By finely tuning the distance between nanoparticles in a single layer, researchers have made a filter that can change between a mirror and a window.

Bit data goes anti-skyrmions

Fri, 01 Sep 17 00:04:40 -0700

A group of scientists from the Max Planck Institutes in Halle and Dresden have discovered a new kind of magnetic nano-object in a novel material that could serve as a magnetic bit with cloaking properties to make a magnetic disk drive with no moving parts -- a Racetrack Memory -- a reality in the near future.

A tougher tooth

Mon, 21 Aug 17 00:10:10 -0700

Fewer trips to the dentist may be in your future, and you have mussels to thank.

New research could make dew droplets so small, they're invisible

Mon, 31 Jul 17 00:15:40 -0700

Virginia Tech researchers expect that the findings will maximize the efficiency of jumping-droplet condensers, which could make power plants more efficient and enable robust anti-fogging and self-cleaning surfaces.

Colon cancer nuclear pore dynamics are captured by HS-AFM

Fri, 30 Jun 17 00:10:10 -0700

Using high-speed atomic force microscope, for the first time, a team of researchers from Kanazawa University has captured

Bio-fuel from waste

Wed, 28 Jun 17 00:15:30 -0700

Fuel from waste? It is possible. But hitherto, converting organic waste to fuel has not been economically viable. Excessively high temperatures and too much energy are required. Using a novel catalyst concept, researchers at the Technical University of Munich (TUM) have now managed to significantly reduce the temperature and energy requirements of a key step in the chemical process. The trick: The reaction takes place in very confined spaces inside zeolite crystals.

One billion suns: World's brightest laser sparks new behavior in light

Mon, 26 Jun 17 00:07:20 -0700

Using the brightest light ever produced on Earth, University of Nebraska-Lincoln physicists have changed the way light behaves.

New class of 'soft' semiconductors could transform HD displays

Mon, 26 Jun 17 00:00:20 -0700

New research by Berkeley Lab scientists could help usher in a new generation of high-definition displays, optoelectronic devices, photodetectors, and more. They have shown that a class of 'soft' semiconductors can be used to emit multiple, bright colors from a single nanowire at resolutions as small as 500 nanometers. The work could challenge quantum dot displays that rely upon traditional semiconductor nanocrystals to emit light.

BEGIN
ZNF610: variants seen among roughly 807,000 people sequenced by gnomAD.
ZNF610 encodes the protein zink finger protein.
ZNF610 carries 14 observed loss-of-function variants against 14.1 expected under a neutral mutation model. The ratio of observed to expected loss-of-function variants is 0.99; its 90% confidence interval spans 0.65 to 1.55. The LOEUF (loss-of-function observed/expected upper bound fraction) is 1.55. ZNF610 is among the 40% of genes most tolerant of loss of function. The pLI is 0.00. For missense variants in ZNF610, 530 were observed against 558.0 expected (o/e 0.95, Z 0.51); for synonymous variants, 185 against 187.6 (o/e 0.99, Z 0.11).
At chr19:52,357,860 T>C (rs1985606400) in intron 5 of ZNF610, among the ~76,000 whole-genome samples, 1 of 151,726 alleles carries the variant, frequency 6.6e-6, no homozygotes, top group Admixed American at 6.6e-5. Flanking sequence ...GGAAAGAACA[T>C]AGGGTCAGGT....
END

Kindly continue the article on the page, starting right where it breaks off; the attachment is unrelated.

Drip by drip

Wed, 21 Jun 17 00:05:40 -0700

How do crystals grow? The answer given in current textbooks is: Layer by layer atoms or molecules settle on an existing crystal surface. The research team Physical Chemistry at the University of Konstanz has now observed a preliminary stage of this crystal growth in glutamic acid that contradicts this classical principal of growth. Not individual atoms settle on an existing crystal surface, but nano-drips that already contain building blocks for growth.

Quantum dot transistor simulates functions of neurons

Wed, 14 Jun 17 00:02:20 -0700

Researchers at the Federal University of São Carlos (UFSCar) in São Paulo State, Brazil, Würzburg University in Germany, and the University of South Carolina in the United States developed a transistor that can lead to the development of new kinds of device and computer circuit in which memory units are combined with logical processing units, economizing space, time, and power consumption.

Magnetoelectric memory cell increases energy efficiency for data storage

Tue, 30 May 17 00:08:20 -0700

A team of researchers has now developed a magnetoelectric random access memory (MELRAM) cell that has the potential to increase power efficiency, and thereby decrease heat waste, by orders of magnitude for read operations at room temperature. The research could aid production of devices such as instant-on laptops, close-to-zero-consumption flash drives, and data storage centers that require much less air conditioning. The research team reported their findings this week in Applied Physics Letters.

Engines fire without smoke

Mon, 29 May 17 00:02:10 -0700

Car manufacturers could clean up vehicle exhausts using a new model of gasoline combustion developed using experimental data.

Chip-based nanoscopy: Microscopy in HD quality

Mon, 24 Apr 17 00:10:30 -0700

Physicists at Bielefeld University and the Arctic University of Norway in Tromsø have developed a photonic chip that makes it possible to carry out super-resolution light microscopy, also called 'nanoscopy,' with conventional microscopes. In nanoscopy, the position of single fluorescent molecules can be determined with a precision of just a few nano-meters, that is, to a millionth of a millimeter.